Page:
Mid to late September is cider making time. It’s been a thing in our family for the last 38 years (apart from one year, during a disasterous move to Wales). For the last 15 – 20 years aples have been sourced from a beautiful old fashioned orchard just outside of Faversham. It is owned by a delightful chap who doesn’t spray chemicals, in fact he doesn’t even pick any of the apples.
It must be one of a few remaining traditional apple orchard in Kent. Nowadays apple trees are dwarf size, economics dictates, beauty and tradition die, harvest time has become mechanised. Years ago people from London’s Eastend used to come down to Kent during their holidays to pick apples and hops, to earn a bit of money and to be out in the fresh air. On one of our favourite walks up to Telegraph Hill, you come across the remains of hop pickers shacks. A reminder of how vibrant the countryside once was.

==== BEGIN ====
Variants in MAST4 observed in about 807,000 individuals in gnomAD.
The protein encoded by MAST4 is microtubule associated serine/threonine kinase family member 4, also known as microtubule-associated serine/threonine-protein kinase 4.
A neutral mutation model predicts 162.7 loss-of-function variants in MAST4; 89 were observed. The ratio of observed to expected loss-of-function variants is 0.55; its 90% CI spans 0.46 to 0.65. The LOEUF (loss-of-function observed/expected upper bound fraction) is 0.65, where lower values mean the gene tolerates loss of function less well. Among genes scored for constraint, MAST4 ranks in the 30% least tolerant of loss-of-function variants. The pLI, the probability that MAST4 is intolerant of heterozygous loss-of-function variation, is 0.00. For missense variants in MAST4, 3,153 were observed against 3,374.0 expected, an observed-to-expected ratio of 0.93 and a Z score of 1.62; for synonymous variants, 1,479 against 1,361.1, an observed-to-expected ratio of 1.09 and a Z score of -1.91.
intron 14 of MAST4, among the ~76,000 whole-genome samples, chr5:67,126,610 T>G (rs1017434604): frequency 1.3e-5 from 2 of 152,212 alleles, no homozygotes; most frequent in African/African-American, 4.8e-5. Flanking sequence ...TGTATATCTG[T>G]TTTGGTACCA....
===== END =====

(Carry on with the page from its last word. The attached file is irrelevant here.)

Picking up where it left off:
But, as the great Ronnie Corbett says “I digress”.
Most years we make about 80 gallons. The process from start to finish takes about 4 -5 days. It is a real marker in the year, the last goodbye to summer before the onset of darker days.
The apples are milled twice, one coarser and another finer mill.
Then the finely ground apples are racked into muslin covered ‘cheeses’, stacked on top of each other and then covered with a wooden slab and pressed using a car jack. It is all delightfully Heath Robinson, but it works well.
We could go electric which would cut the time dramatically, but where would the fun and sense of achievement be found in that? Its a great thing to all work together, great fun and good excercise. During the winter months as you take a sip of cider, you are reminded of those glorious early autumn days, in the fading sunlight when you were picking, milling and pressing.